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Gypsum

by Rick Moore last modified Apr 24, 2014 08:53 PM
A short overview of the calcium sulfate minerals Gypsum and Anhydrite.

Calcium Sulfate Minerals


Gypsum is the more common, hydrated form of calcium sulfate. In fact, it is the most common of all sulfate minerals. Gypsum's chemical formula is CaSO4.2H2O. The anhydrous (without water) mineral is called Anhydrite (CaSO4).

Gypsum and Anhydrite both occur as primary minerals in Marine Evaporites.Evaporite deposits occur when sea water evaporates under extreme conditions over long periods of time. Gypsum may also be produced by the action of sulfuric acid solutions on carbonate rocks.In this case it occurs in pockets or veins in the host rock. Gypsum occurrences in the Lockport Dolomite were formed in this way. Anhydrite may also forms as the result of the dewatering of Gypsum.

Selenite is a variety of Gypsum that forms perfectly clear crystals. It occurs locally in many places including Erie Blvd, Jamesville and Fayetteville. Satin Spar is a variety that consists of masses of long needle-like crystals which sometimes form spectacular curved specimens called Ram's Horn. Alabaster is a massive, very fine grained variety of Gypsum which often has wonderful color patterns. It is popular with stone carvers and can be easily stained to accentuate patterns in the rock.

Ram's Horn Gypsum

Ram's Horn

Alabaster Cup

Alabaster

The Ram's Horn photo is from the Gem & Mineral Collection of the University of Texas' Non-vertebrate Paleontology Laboratory. The Alabaster cup photo is from the Crystals, rocks and Gems Healing Stones web site. Their web site has many more examples of Alabaster carvings.

The Hyperphysics Group in the Dept. of Physics and Astronomy at Georgia State University has a couple of pages with excellent photos of all of the many varieties of Gypsum.

Uses for Gypsum


The main uses of Gypsum are in the construction industry. It is the primary ingredient in Drywall (also called sheetrock or wallbaord) and is added to cement to keep it from drying too quickly. Plaster of Paris is produced by heating Gypsum to about 300°F.

Gypsum has a multitude of uses in agriculture, especially in improving the quality of soil.

Gypsum is the primary coagulating agent used to make Tofu,

Gypsum was used as mortar for the Egyptian pyramid of Cheops in 3000 BC.

Gypsum CaSO4.2H2O

Selenite

Selenite crystals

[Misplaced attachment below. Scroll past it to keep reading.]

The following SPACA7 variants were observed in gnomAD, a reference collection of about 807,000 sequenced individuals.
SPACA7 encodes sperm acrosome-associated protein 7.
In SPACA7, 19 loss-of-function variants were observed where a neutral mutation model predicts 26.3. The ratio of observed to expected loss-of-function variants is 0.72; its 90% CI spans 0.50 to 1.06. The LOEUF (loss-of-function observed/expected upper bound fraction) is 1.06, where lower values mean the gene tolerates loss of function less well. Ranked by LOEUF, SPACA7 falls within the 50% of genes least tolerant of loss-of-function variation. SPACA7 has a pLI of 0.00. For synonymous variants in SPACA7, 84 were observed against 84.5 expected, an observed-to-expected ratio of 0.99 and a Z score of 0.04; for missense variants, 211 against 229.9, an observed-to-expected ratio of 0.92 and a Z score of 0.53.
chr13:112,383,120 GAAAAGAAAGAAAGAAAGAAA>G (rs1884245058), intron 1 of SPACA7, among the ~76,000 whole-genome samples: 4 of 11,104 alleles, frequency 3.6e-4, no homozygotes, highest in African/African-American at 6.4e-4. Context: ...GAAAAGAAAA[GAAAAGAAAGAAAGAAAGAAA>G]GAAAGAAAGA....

Satin Spar

Satin Spar

The Selenite crystal photo is from the Bob Campbell Geology Museum at Clemson University. The Satin Spar photo is from the Green Cross Toad metaphysical crystal web site.

Gypsum is monoclinic, usually forming tabular prisms. The crystal structure is oriented such that CaSo4 molecules alternate with H2O in only one dimension. This results in the sheet-like nature of Selenite and the fibrous texture of Satin Spar.

tGypsum Crystal Lattice

This image is from the Warwick Electrochemistry and Interfaces Group of the Chemistry Department at the University of Warwick

Check out Mindat.org's interactive 3D model of this crystal form. You might also want to check out Webmineral's interactive 3D crystal lattice for Gypsum.

Interesting Facts

White Sands

Gypsum is rarely found as sand, yet the largest deposit of gypsum in the world is White Sands National Monument in New Mexico where pure white Gypsum sand dunes cover an area of over 275 square miles and can be seen from space.

Giant Crystal Cave

The largest mineral crystals in the world are composed of varieties of Gypsum and occur in the Cueva de los Cristales (aka Giant Crystal Cave) in the Naica Mine, Chihuahua, Mexico. To see these behemoths, watch the National Geographic video on YouTube.

In 2004, the European Space Agency's Mars Express Orbiter used it's OMEGA IR Mineralogical Mapping Spectrometer to confirm the presence of Gypsum sand dunes in the North Polar region. In 2001, Mars Rover "Opportunity" discovered veins of Gypsum exposed on the surface of Mars.

Mineral_Name Photo Galleries Mineral_Name Mineral Data
Mindat.org Gypsum photo gallery Mindat.org Gypsum data
Mineral Atlas Gypsum photo gallery Webmineral Gypsum data
Arkenstone Gypsum photo gallery Minerals.net Gypsum data
John Betts Gypsum photo gallery
Geology.com Gypsum data
Google search for Gypsum crystal images
Google search for Gypsum rock images Interested in Anhydrite ?
Interested in Anhydrite images ? Mindat.org Anhydrite page
Google search for Anydrite inages
Webmineral Anhydrite data

Literature References

  • Deer,W.A., R.A.Howie, J.Zussman, 1966, An Introduction to the Rock Forming Minerals, Longman Group Ltd., London, pp. 462-469
  • Ford,W.E., 1949, Dana's Textbook of Mineralogy, 4thEd., John Wiley & Sons, London, pp, 758-759
  • Hurlbut,C.S., 1971, Dana's Manual of Mineralogy, 18thEd., John Wiley & Sons, London, pp. 347-350